South Africa abandon one-day experiments
Like a scientist who has decided his analysis has run its course, Gary Kirsten declared the exploratory phase for South Africa's one-day squad over as they begin preparations for their series against Pakistan.
The five-match rubber is the last outing the team will have before they travel to England for the Champions Trophy in June. From the outside it seems South Africa have much work to do if they hope to bring back ICC silverware but Kirsten is convinced they have the base from which to build and the time for trials is over.
"The players that are in this squad are the best players in the country. That's why they're selected. We're not experimenting. We're playing the best players," he said in Bloemfontein, ahead of the first ODI. "We're looking at the best 17 or 18 players knowing that we need to be able to shift and move around a bit."
The squad has three changes from the one that lost to New Zealand in January with Quinton de Kock and Dean Elgar out and Kyle Abbott in. While that hints at settling, what underlines it is the substantial difference from the Twenty20 squad that lost to Pakistan last week.
Crucially, South Africa have senior players back in the group with Graeme Smith, Hashim Amla and Dale Steyn bringing their 320 caps with them. That proved to be the biggest difference between the teams at Centurion, where Pakistan's seasoned bowling attack outclassed South Africa.
Getting the balance between old and new, especially in an era where cricket schedules are more cluttered than said scientist's work bench, is tricky. But with no Tests to think about before October, South Africa have an opportunity to do it properly.
Their selections will be questioned as selections always are but at least they have settled on something. Some will argue they should have included Richard Levi, Stephen Cook or Henry Davids, the top-three leading run-scorers in this season's one-day competition, but an opening partnership of Smith and Amla is more formidable.
Likewise, Andrew Birch, Roelof van der Merwe and Hardus Viljoen - the domestic tournament's leading wicket-takers - have had to miss out to an attack that will include Steyn, Morne Morkel, Lonwabo Tsotsobe, Ryan McLaren, Robin Peterson and Aaron Phangiso. Morkel remains an injury concern having not recovered fully from the left hamstring strain that kept him out of the third Test. Kirsten envisages that he will play "at some point" but, in keeping with the way he has been managed in previous one-day games, he may be rotated.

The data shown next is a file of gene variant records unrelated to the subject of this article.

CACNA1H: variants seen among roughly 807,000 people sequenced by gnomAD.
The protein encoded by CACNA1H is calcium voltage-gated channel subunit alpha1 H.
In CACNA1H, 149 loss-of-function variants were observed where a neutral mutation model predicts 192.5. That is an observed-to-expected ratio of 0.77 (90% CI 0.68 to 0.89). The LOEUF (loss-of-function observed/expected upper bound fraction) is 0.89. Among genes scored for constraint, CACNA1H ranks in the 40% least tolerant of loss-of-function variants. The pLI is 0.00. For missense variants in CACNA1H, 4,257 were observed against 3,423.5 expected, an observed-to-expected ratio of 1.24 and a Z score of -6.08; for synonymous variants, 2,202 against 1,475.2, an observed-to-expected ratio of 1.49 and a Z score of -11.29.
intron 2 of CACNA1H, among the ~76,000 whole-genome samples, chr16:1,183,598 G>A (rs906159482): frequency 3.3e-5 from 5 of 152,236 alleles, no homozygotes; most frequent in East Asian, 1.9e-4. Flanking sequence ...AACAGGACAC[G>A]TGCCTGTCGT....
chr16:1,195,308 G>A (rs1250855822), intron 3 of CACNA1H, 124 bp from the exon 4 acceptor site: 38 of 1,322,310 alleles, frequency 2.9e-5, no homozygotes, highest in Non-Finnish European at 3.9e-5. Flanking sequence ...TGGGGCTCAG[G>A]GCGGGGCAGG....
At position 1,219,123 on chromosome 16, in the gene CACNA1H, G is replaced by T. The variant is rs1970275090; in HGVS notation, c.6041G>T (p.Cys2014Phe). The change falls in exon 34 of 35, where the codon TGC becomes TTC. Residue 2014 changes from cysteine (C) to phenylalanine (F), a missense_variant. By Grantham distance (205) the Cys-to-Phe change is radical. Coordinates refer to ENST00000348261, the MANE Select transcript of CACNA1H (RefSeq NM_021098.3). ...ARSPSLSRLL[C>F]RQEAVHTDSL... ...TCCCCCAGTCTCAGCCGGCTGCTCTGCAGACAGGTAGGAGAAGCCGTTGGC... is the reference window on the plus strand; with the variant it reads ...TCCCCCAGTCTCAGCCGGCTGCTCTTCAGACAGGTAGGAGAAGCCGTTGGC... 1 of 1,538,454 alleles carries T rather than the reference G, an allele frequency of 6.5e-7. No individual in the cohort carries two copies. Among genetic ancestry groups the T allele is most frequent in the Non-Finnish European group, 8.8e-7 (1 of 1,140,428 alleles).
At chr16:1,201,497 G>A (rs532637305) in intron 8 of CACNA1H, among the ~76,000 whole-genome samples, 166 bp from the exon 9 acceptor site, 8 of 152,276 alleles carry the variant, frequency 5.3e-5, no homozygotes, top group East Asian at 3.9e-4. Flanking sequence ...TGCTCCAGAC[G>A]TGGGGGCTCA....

Where question marks remain is around the middle-order but a quick scan of the statistics hint that the selectors could not have done that much better. Vaughn van Jaarsveld scored 28 more runs than Farhaan Behardien in the Momentum Cup but no-one put up their hand up high enough.
What the likes of Berhardien, David Miller and Colin Ingram need to do is harden up - particularly mentally - before players such as Quinton de Kock, Temba Bavuma and Yaseen Vallie and Cody Chetty start challenging for their places. That could be as early as next season. For now, the incumbents have to do the job and Kirsten has accepted that, knowing they failed in that regard two months ago.
Against New Zealand, South Africa's middle order was its usual wobbly marshmallow, incapable of toasting no matter how much it was held over the fire. It melted in the face of pressure, where aspects such as the death bowling also struggled. "All our preparation and our debriefing has been on the New Zealand series," Kirsten said, confining the retrospection to the shelf. "We've spoken about what went wrong there and what we could have done better. We try not cross pollinate too much. That keeps us all sane. We're spending a huge amount of focus over the next three days on making sure we get our game in order. Then we know we can put opposition teams under pressure.
"We've played a lot of Test cricket over the last while, so it's nice to have a focus on ODI cricket so we can upgrade our skills and make sure we spend as much time as we can knowing what we need to do in that version of the game to close games out in tight moments. We know we can create some momentum, and we know that with the players we've got we are able to win games in difficult situations."
That is exactly where South Africa have fallen short. They have not put the opposition under pressure often enough and they have not closed out squeaky-bum situations, never mind done so with conviction. They have floated somewhere between uncertain and unable, mostly mirroring their tactics.
Now Kirsten has said that should change. Stability will return to South Africa's one-day squad. AB de Villiers has been reinstalled as wicketkeeper and will have to find a way to manage that, his captaincy and his role in the batting line-up without feeling rushed, as he once claimed to. He will have plenty to lean on with Faf du Plessis having emerged as a competent leader himself.
The batting and bowling roles of individual players will not yo-yo from game to game and the focus has supposedly been defined and lies centrally in everyone's minds. South Africa only have five matches to show whether all those things have actually happened.
Although Kirsten remarked that they have 15-20 ODIs before their next Test (five against Pakistan; one against Holland; potentially five at the Champions Trophy if they go all the way; five against Sri Lanka; plus a few more against Pakistan in the UAE), it is not as simple as those numbers. There is an ICC tournament in between and a demanding public will want to see how far South Africa have reallyprogressed.
Firdose Moonda is ESPNcricinfo's South Africa correspondent